North Carolina today reported a single-day record high of 853 new lab-confirmed COVID-19 cases, as the positive test rate jumped to 12 percent, a rate that The Beacon cannot recall seeing in the state.
While Dr. Mandy Cohen, Secretary of the N.C. Dept. of Health and Human Services, continued to stress in a press conference yesterday that more COVID cases are being reported because testing capacity has increased significantly, the number of tests being done should not affect the positive test rate, which is a key COVID-19 indicator.
Ideally, for North Carolina to progress into Phase Two, the positive test rate over a 14-day period should be declining or leveling off. That is not occurring.
In the early weeks of COVID-19 testing in North Carolina, the positive test rate—which is the percentage of positive test results in a batch of completed tests—averaged around 9 percent, as The Beacon recalls. Twelve percent is certainly the highest positive rate recorded in testing done in May. We do not know all of the daily rates in April.
According to today’s NCDHHS dashboard, 853 people out of 7,039 tested positive for COVID-19, up from yesterday’s totals of 622 confirmed cases among 12,279 tests, for an encouraging positive rate of 5 percent.
Hospitalizations statewide dropped 11 to 652, and deaths increased by 11. The Beacon has not been reporting deaths statewide, but we plan to start doing so, to see if and how well they might correlate with declines in hospitalizations.
Also yesterday, Dr. Cohen announced new guidance for determining who should be tested for COVID-19. The NCDHHS has recommended that clinicians test any patient in whom they suspect COVID-19 and also directed that they ensure access to testing to the following populations, regardless of their symptoms:
- Anyone with symptoms suggestive of COVID-19.
- Close contacts of known positive cases, regardless of symptoms.
- Persons who live in or have regular contact with high-risk settings (e.g., long-term care facility, homeless shelter, correctional facility, migrant farmworker camp).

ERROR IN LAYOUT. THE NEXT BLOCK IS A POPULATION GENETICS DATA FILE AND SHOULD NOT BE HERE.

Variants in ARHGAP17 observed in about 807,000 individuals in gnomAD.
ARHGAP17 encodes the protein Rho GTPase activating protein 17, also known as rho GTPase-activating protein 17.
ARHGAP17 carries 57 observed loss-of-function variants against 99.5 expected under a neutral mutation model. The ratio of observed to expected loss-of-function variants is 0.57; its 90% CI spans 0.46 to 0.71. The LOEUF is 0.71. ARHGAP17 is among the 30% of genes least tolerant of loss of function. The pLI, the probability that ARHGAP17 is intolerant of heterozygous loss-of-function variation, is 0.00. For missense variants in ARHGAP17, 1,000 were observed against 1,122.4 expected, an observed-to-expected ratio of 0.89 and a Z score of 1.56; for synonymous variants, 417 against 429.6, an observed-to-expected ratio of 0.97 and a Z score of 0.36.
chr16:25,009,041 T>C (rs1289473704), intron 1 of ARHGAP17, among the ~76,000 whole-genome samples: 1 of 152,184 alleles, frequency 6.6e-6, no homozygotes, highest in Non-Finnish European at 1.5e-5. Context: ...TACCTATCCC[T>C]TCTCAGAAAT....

- Persons who are at high risk of severe illness (e.g., people over 65 years of age, people of any age with underlying health conditions).
- Persons who come from historically marginalized populations.
- Healthcare workers or first responders (e.g., EMS, law enforcement, fire department, military).
- Front-line and essential workers (grocery store clerks, gas station attendants, etc.) in settings where social distancing is difficult to maintain.
“We want anyone who needs a test to get one,” Dr. Cohen said.
As The Beacon reported 5/14/20, free COVID-19 testing is not available in Dare County.
In a videotaped message Thursday, Sheila Davies, director of the Dare County Dept. of HHS, said that she expects to announce next week details of a local initiative for free drive-thru COVID-19 testing.
For more information, see:
Press release on guidelines for who should be tested: https://www.ncdhhs.gov/news/press-releases/ncdhhs-updates-guidance-who-should-be-tested-covid-19
Press release on status of COVID-19 indicators after one week of Phase One: https://governor.nc.gov/news/north-carolina%E2%80%99s-key-covid-19-indicators-remain-stable
List of COVID-19 testing sites in N.C.: https://files.nc.gov/covid/documents/about/testing/collection-sites.pdf
DON’T FORGET: THE SOUTHERN SHORES TOWN COUNCIL WILL HOLD AN IMPORTANT WORKSHOP MEETING ON TUESDAY, MAY 19, AT 9 A.M.
The Beacon will post a meeting preview on Monday.
Ann G. Sjoerdsma, 5/16/20